Paul Ryan’s CPAC speech yesterday was almost comically offensive even before it became clear that it was based on a lie.
By now, you’ve probably heard about the speech itself, in which Ryan denounced the left for offering people “a full stomach—and an empty soul.” Discussing the moral squalor of free school lunch programs, Ryan retold a story he heard from Eloise Anderson, a former single mother on assistance who became a hero to the right by calling for the abolishment of welfare (she’s now a member of Scott Walker’s cabinet). It was about a boy Anderson had ostensibly met who didn’t want a free government lunch. “He wanted his own lunch—one in a brown-paper bag just like the other kids’,” said Ryan. “He wanted one, he said, because he knew a kid with a brown-paper bag had someone who cared for him.”
Ryan’s words would have been nasty even if the underlying story were true. Do parents whose kids get subsidized school lunches not care for them? Does Ryan really think their souls are empty? Last night, however, The Washington Post’s Glenn Kessler reported that the anecdote Ryan used was actually ripped out of context from the bestselling book An Invisible Thread: The True Story of an 11-Year-Old Panhandler, a Busy Sales Executive, and an Unlikely Meeting with Destiny. The book is about the friendship between author Laura Schroff and Maurice Mazyck, whom Schroff met when he was begging on the street. At one point, she made him school lunches every day and left them with her doorman to pick up on the way to school. In a heartbreaking passage, Mazyck asked her to put them in a brown paper bag like the ones all the other kids had.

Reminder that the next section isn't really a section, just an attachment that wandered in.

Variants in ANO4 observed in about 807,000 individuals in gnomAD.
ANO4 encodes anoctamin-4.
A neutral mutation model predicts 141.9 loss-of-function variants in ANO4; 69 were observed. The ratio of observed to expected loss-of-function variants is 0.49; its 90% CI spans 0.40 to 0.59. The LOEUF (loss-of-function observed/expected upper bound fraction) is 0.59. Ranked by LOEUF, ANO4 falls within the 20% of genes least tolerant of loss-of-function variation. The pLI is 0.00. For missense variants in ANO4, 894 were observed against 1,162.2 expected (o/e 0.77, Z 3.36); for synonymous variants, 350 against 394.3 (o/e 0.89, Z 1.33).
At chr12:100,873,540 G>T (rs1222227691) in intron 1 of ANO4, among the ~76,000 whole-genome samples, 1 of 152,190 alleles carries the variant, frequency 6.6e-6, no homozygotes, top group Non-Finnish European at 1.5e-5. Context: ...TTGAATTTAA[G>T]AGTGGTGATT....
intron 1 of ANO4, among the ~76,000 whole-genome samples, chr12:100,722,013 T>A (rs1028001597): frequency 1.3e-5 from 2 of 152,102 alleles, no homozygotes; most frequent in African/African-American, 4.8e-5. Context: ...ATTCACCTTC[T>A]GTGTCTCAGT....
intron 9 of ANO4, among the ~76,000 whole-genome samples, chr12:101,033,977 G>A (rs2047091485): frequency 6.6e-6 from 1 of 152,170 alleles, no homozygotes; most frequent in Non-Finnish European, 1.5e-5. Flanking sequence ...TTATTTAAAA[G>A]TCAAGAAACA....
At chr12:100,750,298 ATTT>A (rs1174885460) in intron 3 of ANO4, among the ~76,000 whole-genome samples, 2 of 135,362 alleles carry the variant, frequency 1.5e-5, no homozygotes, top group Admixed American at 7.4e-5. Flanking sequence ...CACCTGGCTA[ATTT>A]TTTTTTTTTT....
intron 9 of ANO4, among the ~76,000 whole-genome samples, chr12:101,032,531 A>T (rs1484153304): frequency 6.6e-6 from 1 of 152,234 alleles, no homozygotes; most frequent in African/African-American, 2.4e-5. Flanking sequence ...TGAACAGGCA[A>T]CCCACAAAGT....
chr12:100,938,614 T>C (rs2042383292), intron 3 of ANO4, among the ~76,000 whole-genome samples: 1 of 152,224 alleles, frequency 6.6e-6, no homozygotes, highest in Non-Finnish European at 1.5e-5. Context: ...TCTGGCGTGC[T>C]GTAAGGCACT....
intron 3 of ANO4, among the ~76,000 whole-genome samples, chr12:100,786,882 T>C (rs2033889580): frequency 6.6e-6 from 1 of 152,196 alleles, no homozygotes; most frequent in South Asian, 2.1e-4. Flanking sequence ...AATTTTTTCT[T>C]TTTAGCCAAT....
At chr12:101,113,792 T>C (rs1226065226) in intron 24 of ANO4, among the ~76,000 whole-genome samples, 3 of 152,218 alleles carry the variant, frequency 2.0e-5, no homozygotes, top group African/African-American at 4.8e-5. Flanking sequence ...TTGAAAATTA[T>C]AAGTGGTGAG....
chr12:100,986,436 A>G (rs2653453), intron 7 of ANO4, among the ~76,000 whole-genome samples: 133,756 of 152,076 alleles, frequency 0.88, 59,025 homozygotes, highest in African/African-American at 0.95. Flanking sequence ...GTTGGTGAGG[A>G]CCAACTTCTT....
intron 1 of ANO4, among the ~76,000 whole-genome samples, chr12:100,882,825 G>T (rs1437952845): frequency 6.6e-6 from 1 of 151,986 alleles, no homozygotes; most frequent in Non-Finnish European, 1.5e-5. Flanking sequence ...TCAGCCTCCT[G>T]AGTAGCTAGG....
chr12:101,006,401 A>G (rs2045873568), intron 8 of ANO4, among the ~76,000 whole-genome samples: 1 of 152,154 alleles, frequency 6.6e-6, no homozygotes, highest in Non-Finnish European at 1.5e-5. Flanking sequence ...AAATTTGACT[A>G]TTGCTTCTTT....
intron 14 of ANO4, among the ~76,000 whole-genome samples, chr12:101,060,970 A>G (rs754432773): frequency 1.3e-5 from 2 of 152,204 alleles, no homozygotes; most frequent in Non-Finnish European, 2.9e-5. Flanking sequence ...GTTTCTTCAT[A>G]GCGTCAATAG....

Anderson’s communication’s director now admits that she never actually spoke to Mazyck, though she appropriated his story when she testified last year at a congressional hearing chaired by Ryan. As it happens, Schroff and Mazyck have partnered with an organization called No Kid Hungry that, among other things, works to connect poor children to free school meals. “[A] simple inquiry would have determined that the person telling the story actually is an advocate for the federal programs that Ryan now claims leaves people with ‘a full stomach and an empty soul,’” writes Kessler, describing it as a story “too good to check.”
That in itself is telling, since even in it’s apocryphal version, it’s not that good of a story. After all, it’s not as if liberals think that free school lunches are better than homemade ones. The argument for free school lunches are that they are better than no lunch at all. The implication of Ryan’s “full stomach…empty soul” line is that he disagrees. He just knows better than to say so outright, and so he needs to hide behind an imaginary poor child.
Read Next: “The Battle Hymn of the War on Poverty”, by Sasha Abramsky